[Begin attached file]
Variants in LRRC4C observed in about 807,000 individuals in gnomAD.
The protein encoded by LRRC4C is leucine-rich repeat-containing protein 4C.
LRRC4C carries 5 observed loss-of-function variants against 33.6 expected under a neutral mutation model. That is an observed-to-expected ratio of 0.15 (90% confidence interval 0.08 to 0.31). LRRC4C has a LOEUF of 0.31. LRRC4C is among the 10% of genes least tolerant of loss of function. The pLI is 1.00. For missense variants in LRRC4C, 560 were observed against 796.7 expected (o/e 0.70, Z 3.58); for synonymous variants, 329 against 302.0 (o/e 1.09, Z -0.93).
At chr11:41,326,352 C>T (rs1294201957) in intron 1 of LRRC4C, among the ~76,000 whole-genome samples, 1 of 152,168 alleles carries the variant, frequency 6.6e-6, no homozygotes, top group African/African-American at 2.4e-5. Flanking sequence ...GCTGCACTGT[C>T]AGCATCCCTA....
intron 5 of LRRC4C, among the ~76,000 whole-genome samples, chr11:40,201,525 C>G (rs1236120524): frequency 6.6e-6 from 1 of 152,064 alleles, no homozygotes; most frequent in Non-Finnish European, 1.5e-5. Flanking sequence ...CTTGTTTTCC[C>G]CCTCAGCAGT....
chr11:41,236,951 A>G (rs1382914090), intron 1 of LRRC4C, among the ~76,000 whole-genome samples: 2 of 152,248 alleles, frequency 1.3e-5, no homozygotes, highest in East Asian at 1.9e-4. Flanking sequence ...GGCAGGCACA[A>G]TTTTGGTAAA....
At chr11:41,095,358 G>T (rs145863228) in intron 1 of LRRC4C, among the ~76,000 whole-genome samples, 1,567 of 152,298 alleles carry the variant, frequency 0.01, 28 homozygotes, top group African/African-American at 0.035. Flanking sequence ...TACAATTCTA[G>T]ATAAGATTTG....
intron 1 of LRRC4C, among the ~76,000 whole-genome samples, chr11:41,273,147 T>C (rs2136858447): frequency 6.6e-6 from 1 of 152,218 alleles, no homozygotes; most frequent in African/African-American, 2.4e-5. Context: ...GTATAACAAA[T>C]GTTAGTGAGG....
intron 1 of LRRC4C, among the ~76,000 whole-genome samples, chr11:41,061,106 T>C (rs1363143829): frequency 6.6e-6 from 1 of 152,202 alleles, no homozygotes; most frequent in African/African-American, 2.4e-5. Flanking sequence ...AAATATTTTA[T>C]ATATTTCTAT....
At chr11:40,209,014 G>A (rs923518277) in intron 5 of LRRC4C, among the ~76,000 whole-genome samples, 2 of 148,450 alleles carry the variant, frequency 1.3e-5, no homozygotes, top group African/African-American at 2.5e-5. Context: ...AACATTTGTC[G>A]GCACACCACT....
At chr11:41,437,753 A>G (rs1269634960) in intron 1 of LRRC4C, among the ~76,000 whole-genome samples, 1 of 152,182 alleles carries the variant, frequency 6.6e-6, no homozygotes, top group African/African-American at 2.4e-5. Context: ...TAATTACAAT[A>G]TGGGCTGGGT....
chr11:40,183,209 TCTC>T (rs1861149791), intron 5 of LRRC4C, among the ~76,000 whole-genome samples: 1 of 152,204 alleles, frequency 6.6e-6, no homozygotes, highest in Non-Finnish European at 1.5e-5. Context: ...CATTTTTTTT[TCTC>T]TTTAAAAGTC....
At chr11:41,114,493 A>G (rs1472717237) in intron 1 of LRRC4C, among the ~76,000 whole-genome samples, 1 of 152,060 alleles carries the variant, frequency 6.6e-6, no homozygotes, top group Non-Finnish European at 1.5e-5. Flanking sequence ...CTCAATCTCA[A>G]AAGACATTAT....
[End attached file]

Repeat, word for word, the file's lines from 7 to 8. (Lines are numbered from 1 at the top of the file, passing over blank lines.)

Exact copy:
At chr11:41,095,358 G>T (rs145863228) in intron 1 of LRRC4C, among the ~76,000 whole-genome samples, 1,567 of 152,298 alleles carry the variant, frequency 0.01, 28 homozygotes, top group African/African-American at 0.035. Flanking sequence ...TACAATTCTA[G>T]ATAAGATTTG....
intron 1 of LRRC4C, among the ~76,000 whole-genome samples, chr11:41,273,147 T>C (rs2136858447): frequency 6.6e-6 from 1 of 152,218 alleles, no homozygotes; most frequent in African/African-American, 2.4e-5. Context: ...GTATAACAAA[T>C]GTTAGTGAGG....